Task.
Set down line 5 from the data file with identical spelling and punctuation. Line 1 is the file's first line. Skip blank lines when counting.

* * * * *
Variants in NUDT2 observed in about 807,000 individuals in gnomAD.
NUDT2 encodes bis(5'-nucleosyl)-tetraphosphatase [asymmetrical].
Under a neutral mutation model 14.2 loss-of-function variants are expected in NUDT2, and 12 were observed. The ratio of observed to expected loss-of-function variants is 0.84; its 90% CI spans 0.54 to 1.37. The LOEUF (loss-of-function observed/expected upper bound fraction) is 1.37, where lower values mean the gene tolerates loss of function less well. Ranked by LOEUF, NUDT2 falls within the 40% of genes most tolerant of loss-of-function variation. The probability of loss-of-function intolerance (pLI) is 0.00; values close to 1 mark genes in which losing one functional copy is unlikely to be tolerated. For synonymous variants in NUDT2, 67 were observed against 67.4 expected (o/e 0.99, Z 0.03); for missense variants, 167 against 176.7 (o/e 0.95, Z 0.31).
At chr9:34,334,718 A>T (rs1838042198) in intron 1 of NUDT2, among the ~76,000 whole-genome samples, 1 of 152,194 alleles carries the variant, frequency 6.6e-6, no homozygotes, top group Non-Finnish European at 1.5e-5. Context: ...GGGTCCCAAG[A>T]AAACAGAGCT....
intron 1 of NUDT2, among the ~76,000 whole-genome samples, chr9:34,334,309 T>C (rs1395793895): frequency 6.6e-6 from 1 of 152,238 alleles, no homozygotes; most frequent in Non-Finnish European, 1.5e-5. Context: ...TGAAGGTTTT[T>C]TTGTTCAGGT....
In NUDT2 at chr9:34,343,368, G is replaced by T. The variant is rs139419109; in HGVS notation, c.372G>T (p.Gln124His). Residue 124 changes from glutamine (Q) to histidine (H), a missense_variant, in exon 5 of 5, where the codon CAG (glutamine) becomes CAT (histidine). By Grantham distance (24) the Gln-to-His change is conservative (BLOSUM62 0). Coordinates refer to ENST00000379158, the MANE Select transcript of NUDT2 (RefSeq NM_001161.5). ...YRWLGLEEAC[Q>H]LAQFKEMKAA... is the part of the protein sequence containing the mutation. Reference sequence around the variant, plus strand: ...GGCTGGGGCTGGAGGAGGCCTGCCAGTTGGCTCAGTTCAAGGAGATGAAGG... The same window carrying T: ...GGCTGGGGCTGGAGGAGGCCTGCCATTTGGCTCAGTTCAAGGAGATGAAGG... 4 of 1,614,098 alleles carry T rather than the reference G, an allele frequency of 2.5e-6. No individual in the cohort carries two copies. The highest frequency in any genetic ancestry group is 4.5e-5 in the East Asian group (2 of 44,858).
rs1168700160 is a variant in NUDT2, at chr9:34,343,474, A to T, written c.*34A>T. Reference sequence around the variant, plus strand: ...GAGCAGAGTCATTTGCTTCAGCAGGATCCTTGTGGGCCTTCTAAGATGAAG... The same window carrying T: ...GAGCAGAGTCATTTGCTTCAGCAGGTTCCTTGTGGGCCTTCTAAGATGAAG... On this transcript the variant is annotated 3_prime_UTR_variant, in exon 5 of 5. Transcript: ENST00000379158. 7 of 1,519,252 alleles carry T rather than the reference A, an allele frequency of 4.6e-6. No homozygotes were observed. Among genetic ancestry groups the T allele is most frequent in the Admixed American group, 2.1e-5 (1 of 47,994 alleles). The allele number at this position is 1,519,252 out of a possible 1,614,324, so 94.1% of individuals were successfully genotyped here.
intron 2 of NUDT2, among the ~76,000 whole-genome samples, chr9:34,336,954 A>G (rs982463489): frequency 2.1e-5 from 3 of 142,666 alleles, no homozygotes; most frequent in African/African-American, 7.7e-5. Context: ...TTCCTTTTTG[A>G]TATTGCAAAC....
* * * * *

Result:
intron 1 of NUDT2, among the ~76,000 whole-genome samples, chr9:34,334,309 T>C (rs1395793895): frequency 6.6e-6 from 1 of 152,238 alleles, no homozygotes; most frequent in Non-Finnish European, 1.5e-5. Context: ...TGAAGGTTTT[T>C]TTGTTCAGGT....